The Florida man accused in the shooting death of an unarmed man in a store parking lot apologized to the victim's family during a jailhouse interview, but said he wouldn't change anything about what he did that day in July.
"I've had plenty of time to think about it, but as far as changing anything, events, is what you're asking, I don't see - no, not off the top of my head," said Michael Drejka, of Clearwater, Florida.
During an interview with Tampa TV station WTSP, Michael Drejka says he was scared during the incident that left 28-year-old Markeis McGlockton dead. The shooting quickly became controversial, in part because Drejka is white and McGlockton was black, and because it revived debate over Florida's "stand your ground" law. "I followed the law the way I felt the law was supposed to be followed. I cleared every hurdle that that law had to, had to put in front of me," said Drejka, who added that he felt "vindicated" when Pinellas Sheriff Bob Gualtieri did not initially arrest him.
Prosecutors on Aug. 13 charged Drejka with manslaughter. He's still in jail, with bail set at $100,000. The Pinellas County Sheriff's Office recorded the TV station's interview, and released that to the media over the weekend.
Surveillance video from July 19 shows Drejka initiating a confrontation over a parking space. McGlockton's girlfriend, Britany Jacobs, was seated in the couple's car with two of their children, ages 3 years and 4 months, when she said Drejka confronted her for being parked in a disabled-accessible space without a permit when other spaces were available. McGlockton had gone into the store with the couple's 5-year-old son, also named Markeis.
McGlockton then came out and knocked Drejka to the pavement.
"It felt like I was tackled or someone hit me from behind with something. I left my feet, slid along the ground, before I was able to - yes, I was stunned, yeah," Drejka said. "I didn't know what was coming for me and there's only one way to look at that. You have to be scared for it, 'cuz if you're not, you're wrong, you're wrong. And that's that."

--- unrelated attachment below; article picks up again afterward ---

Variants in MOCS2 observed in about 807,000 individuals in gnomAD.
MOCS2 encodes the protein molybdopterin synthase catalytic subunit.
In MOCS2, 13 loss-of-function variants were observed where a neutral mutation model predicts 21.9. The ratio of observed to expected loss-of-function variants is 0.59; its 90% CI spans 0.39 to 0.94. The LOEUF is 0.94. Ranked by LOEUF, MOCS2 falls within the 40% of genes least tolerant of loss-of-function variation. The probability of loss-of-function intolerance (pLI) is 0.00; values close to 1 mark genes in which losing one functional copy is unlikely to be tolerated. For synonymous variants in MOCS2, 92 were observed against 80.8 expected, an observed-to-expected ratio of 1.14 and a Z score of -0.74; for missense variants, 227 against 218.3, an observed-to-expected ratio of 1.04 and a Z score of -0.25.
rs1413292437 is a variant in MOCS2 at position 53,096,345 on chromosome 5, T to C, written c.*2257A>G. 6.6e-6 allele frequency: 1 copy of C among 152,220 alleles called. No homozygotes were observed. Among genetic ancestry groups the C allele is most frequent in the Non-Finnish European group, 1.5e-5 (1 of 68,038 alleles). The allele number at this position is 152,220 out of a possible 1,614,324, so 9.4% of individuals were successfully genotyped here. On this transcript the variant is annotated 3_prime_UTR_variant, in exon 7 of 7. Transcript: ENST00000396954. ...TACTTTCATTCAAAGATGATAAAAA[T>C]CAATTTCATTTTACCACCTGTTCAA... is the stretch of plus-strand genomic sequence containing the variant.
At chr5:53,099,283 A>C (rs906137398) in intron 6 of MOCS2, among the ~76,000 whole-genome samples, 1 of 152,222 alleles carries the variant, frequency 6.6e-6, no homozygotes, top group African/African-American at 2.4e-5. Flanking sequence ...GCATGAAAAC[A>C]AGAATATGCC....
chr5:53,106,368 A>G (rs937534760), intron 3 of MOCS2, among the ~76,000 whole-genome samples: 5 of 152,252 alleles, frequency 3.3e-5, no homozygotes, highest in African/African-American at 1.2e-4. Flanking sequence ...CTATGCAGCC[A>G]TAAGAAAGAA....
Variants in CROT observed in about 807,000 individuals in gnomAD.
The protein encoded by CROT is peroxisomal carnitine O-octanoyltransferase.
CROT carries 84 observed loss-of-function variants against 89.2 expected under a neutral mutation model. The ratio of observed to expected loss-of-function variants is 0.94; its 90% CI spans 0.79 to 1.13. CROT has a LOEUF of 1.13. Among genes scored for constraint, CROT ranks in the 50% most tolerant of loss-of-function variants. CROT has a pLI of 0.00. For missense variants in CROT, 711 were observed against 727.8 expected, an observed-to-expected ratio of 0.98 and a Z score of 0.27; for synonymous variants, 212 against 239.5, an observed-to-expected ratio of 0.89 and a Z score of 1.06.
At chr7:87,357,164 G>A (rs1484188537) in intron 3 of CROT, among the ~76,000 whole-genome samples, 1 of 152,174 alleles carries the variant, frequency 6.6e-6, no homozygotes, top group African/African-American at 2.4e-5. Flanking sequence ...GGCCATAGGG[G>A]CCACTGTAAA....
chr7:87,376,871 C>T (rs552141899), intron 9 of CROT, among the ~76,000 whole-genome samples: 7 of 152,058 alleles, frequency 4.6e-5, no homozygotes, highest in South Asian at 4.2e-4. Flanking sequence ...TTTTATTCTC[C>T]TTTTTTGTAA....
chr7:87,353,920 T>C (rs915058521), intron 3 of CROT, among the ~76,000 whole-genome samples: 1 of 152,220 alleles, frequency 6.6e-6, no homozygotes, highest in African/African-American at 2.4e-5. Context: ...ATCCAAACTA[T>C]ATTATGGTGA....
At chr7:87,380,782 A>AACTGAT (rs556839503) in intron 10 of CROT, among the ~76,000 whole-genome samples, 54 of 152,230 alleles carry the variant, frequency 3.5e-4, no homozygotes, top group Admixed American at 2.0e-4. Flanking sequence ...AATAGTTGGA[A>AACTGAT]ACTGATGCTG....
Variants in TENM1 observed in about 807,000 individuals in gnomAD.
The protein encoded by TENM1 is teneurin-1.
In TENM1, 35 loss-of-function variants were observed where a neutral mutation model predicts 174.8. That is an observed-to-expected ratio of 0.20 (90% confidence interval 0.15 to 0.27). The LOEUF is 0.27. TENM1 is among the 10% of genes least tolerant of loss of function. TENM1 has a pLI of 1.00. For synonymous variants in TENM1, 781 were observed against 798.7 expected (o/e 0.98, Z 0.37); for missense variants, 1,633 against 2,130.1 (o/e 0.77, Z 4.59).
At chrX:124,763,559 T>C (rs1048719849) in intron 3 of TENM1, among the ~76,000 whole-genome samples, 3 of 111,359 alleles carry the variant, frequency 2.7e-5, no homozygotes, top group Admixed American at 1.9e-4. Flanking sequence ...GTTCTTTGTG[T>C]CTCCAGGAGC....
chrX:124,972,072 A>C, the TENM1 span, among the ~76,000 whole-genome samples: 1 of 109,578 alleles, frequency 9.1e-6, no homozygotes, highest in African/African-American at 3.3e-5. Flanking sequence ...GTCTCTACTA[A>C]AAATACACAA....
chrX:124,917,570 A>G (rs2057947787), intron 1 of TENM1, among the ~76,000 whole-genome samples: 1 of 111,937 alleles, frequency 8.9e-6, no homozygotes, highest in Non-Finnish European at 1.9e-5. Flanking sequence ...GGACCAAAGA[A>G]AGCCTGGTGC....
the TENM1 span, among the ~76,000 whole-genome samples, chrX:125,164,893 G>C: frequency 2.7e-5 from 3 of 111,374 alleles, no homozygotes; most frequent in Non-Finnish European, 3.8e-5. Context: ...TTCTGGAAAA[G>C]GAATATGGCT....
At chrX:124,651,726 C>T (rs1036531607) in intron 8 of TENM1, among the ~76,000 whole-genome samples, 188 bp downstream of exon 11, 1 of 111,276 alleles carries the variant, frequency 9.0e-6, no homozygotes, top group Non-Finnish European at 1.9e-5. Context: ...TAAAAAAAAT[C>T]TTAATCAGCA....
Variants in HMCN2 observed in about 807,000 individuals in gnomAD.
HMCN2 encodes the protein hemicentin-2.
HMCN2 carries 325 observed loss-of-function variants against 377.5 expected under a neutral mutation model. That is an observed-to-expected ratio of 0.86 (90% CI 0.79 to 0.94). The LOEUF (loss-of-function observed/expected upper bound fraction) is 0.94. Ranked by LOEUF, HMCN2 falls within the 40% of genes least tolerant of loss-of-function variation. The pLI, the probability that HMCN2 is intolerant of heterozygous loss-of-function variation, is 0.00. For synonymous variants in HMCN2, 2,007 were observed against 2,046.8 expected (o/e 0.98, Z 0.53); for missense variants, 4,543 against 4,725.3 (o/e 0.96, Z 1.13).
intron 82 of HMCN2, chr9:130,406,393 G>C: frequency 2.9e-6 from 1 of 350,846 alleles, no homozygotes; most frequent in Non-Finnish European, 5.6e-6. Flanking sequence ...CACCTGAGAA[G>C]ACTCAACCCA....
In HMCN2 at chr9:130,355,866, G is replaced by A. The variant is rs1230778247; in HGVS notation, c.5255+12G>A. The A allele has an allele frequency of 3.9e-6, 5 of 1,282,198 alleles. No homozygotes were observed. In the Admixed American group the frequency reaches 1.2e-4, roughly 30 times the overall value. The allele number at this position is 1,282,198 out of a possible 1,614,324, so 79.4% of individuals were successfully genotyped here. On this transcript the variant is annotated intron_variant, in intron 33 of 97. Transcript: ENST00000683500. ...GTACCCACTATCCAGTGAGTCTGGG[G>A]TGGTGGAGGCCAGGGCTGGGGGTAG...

Video then captured what happened next: Drejka pulled a handgun and fired as McGlockton backed away.
In the interview, Drejka said the altercation was not about race and said he is not racist. He said reports that he previously confronted a black septic tank worker and called him the "N-word" over parking in the same spot at the convenience store are false.
"I've worked with too many people, met too many people in my life to be that kind of person," said Drejka. "It doesn't help anyone, you know, and to have a, that kind of feeling about an entire race of people seems foreign to me."
Drejka said that parking spaces for the disabled "have always touched a nerve" because his high school girlfriend and his mother-in-law used disabled parking spots.
McGlockton's family has been outspoken in their dismay over how the case was handled, and hired attorney Benjamin Crump, who gained national prominence representing the family of Trayvon Martin after the black teen's fatal shooting by a Hispanic man in 2012.